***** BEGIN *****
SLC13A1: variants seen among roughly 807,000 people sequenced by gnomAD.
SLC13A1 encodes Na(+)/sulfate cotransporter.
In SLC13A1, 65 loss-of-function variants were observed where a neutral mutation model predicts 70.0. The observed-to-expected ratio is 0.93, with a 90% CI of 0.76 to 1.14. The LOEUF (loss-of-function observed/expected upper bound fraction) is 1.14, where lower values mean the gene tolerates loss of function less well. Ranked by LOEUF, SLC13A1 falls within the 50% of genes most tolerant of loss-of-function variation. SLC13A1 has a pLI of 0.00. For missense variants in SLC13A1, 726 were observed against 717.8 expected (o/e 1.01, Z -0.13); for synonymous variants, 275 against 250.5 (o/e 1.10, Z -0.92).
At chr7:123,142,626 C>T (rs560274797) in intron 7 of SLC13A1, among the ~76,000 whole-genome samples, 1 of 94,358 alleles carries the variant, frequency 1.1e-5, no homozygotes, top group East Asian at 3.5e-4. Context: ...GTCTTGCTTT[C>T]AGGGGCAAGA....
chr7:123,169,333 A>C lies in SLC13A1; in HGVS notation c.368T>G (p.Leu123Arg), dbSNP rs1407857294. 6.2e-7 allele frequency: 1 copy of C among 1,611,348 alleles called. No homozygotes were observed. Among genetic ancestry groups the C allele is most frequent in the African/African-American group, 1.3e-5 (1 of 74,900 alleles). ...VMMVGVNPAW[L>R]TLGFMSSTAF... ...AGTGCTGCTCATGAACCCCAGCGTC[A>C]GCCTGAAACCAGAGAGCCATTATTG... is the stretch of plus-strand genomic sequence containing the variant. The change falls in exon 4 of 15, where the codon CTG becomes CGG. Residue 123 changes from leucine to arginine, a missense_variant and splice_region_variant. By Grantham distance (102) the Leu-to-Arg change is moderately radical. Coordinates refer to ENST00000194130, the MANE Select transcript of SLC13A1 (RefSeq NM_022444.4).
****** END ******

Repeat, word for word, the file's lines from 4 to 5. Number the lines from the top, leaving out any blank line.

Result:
At chr7:123,142,626 C>T (rs560274797) in intron 7 of SLC13A1, among the ~76,000 whole-genome samples, 1 of 94,358 alleles carries the variant, frequency 1.1e-5, no homozygotes, top group East Asian at 3.5e-4. Context: ...GTCTTGCTTT[C>T]AGGGGCAAGA....
chr7:123,169,333 A>C lies in SLC13A1; in HGVS notation c.368T>G (p.Leu123Arg), dbSNP rs1407857294. 6.2e-7 allele frequency: 1 copy of C among 1,611,348 alleles called. No homozygotes were observed. Among genetic ancestry groups the C allele is most frequent in the African/African-American group, 1.3e-5 (1 of 74,900 alleles). ...VMMVGVNPAW[L>R]TLGFMSSTAF... ...AGTGCTGCTCATGAACCCCAGCGTC[A>C]GCCTGAAACCAGAGAGCCATTATTG... is the stretch of plus-strand genomic sequence containing the variant. The change falls in exon 4 of 15, where the codon CTG becomes CGG. Residue 123 changes from leucine to arginine, a missense_variant and splice_region_variant. By Grantham distance (102) the Leu-to-Arg change is moderately radical. Coordinates refer to ENST00000194130, the MANE Select transcript of SLC13A1 (RefSeq NM_022444.4).